Building Skills and Function Through Play and Practice
Occupational Therapy is a skilled treatment that focuses on facilitating development, enhancing function and maximizing independence in all daily life activities.
For children, the word "occupation" refers to play, self-care, school work and other activities that occupy a child's time.
The focus of Occupational Therapy is to provide services to children with varying deficits or delays, which may include fine motor, sensory motor, self-care, cognitive and oral motor/feeding skills.
Programs & Services We Offer
- Hand Therapy
- Custom Splints and Pressure Garments
- Constraint Induced Movement Therapy
- Activities of Daily Living (ADL)
- Sensory Integration
- Visual Perception
- Aquatic (Pool) Therapy
- Feeding and Oral/Motor
- Brachial Plexus
- SMART Social Skills Groups
- Summer Therapy Groups
- Instructions for Home Exercises
One key to an effective Occupational Therapy program is a complete evaluation. We consider the child’s age and diagnosis when we decide which abilities to test. Skill areas may include:
- Motor, mental, social and behavioral skills
- Muscle tone, strength and reflexes
- Feeding, swallowing or speaking skills
- Thinking, feeling, hearing and learning disabilities
- Self-care and independent living skills
- Sensory processing and/or modulation difficulties
- Need for special equipment, which may include adaptive seating, splints, casts or other devices
Who We Serve
We provide services to children of all ages, from newborn through the teen years. Some of the diagnoses and problems we help with are:
- Delayed development of mental, motor and social skills
- Nervous system problems
- cerebral palsy
- spina bifida
- Guillian-Barre syndrome
- brain and spinal cord injury
- Sensory/Motor Processing difficulties
- Conditions that require casting or splinting
- Babies born too early
- Problems brought on by long-term conditions such as BPD (bronchopulmonary dysplasia)
- Feeding problems
- Problems with learning and coordination (handwriting, cutting with scissors, daily self-care)
- Decreased strength, or limited movement in the shoulder, arm or hand
- Conditions that involve the use of certain bones or muscles (including hand injuries)
- Childhood cancer
Occupational Therapy maintains both inpatient and outpatient clinics on the main campus of Nationwide Children’s Hospital, as well as at other locations in Ohio.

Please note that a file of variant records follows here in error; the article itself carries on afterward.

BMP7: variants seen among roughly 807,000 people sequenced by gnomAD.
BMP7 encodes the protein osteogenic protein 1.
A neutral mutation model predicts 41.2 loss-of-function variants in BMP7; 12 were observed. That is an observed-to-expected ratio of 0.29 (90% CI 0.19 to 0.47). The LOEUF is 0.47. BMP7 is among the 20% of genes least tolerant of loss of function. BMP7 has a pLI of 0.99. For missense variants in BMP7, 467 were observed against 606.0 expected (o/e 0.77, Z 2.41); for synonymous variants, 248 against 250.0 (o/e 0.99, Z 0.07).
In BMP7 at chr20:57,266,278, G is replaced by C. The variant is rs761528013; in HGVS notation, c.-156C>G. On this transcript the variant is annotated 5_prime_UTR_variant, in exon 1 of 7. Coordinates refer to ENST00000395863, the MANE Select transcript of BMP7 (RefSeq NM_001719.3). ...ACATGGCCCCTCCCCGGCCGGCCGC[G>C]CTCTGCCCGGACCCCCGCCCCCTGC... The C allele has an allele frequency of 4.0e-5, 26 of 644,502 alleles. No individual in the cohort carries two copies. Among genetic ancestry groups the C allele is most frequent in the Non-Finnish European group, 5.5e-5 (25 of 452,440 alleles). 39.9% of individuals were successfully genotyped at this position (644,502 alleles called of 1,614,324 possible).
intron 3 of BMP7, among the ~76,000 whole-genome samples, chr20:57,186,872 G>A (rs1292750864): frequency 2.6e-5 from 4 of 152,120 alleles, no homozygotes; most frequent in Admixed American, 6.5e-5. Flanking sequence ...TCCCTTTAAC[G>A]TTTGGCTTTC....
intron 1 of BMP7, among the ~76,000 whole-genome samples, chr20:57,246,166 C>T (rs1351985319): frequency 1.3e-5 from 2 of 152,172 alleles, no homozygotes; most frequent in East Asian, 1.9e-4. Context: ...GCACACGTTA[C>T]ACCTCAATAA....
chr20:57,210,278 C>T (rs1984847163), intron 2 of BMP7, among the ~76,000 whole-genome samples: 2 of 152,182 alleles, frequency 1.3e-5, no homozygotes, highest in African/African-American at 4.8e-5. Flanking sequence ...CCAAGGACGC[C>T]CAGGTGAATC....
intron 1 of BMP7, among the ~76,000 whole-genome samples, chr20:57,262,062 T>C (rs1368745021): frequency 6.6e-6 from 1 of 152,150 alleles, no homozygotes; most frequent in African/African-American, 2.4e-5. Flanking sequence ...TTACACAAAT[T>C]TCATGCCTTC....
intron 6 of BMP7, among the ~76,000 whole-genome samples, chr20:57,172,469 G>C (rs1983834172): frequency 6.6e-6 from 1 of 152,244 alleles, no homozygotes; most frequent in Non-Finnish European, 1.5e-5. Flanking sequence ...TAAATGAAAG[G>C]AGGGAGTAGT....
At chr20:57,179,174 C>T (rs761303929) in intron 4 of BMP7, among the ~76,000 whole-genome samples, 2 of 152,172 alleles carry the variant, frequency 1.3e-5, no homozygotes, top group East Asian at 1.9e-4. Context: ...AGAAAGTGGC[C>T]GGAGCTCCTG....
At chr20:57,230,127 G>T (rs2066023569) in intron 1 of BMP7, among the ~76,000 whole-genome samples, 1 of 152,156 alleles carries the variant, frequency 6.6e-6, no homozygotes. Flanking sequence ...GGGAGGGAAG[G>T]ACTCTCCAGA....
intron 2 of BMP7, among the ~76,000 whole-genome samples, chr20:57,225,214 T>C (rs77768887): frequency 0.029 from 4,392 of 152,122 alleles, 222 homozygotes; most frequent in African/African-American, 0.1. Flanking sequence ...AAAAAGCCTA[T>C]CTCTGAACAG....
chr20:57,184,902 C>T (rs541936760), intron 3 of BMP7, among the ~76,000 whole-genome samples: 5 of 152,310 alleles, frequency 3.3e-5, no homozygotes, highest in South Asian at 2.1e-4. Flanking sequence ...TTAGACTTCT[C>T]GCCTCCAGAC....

Meet Our Leadership
Candace E. Coffman
Candace Coffman is the Mansfield Close To Home Center Director of Operations at Nationwide Children’s Hospital.
Megan E. McKim
Megan McKim is the Clinical Therapies Behavioral Health Clinical Manager at Nationwide Children’s Hospital.
Sara E. O'Rourke
Sara O’Rourke is the Outpatient Occupational Therapy Program Manager at Nationwide Children’s Hospital.
Slawomir Sarna is the Inpatient Therapies Program Manager at Nationwide Children’s Hospital.
New Patient Resources
- Crossroads Registration (main campus only)
- Parking Information (main campus only)
- Frequently Asked Questions
- Outpatient Clinics
- Helping Hands: School and Illness
- Patient Rights and Responsibilities
Shadow or Observe a Therapist
If you're interested in observing or shadowing an occupational or physical therapist, please complete our online application form. A representative will contact you within approximately 30 days.
Inside Occupational Therapy
Meet Our Team
Our occupational therapists help children gain independence in all areas of their lives. Meet our team of occupational therapists.
Pediatric Occupational Therapy Fellowship
The Nationwide Children's Hospital Pediatric Occupational Therapy Fellowship is an AOTA-approved 53 week clinical fellowship that begins in July.
You May Also Be Interested In
Getting Kids Ready for Kindergarten Screening with Occupational Therapy
An occupational therapist can evaluate a child’s performance in the developmental areas mentioned below and, if necessary, set up a plan of care that will help to address any skills in need of growth.
Early Motor Milestones: What to Expect in Your Child 0-6 Months
Do you understand how important movement is and when, or how, your baby should start moving? Here’s some insight from a parent — and pediatric physical therapist.
Early Motor Milestones: What to Expect in Your Child 6-12 Months
The other day we discussed early motor milestones for babies from birth to six months. Here are some guidelines for what to look for in your older baby. Six months: By six months, your baby should be able to sit up for brief periods of time without support from you.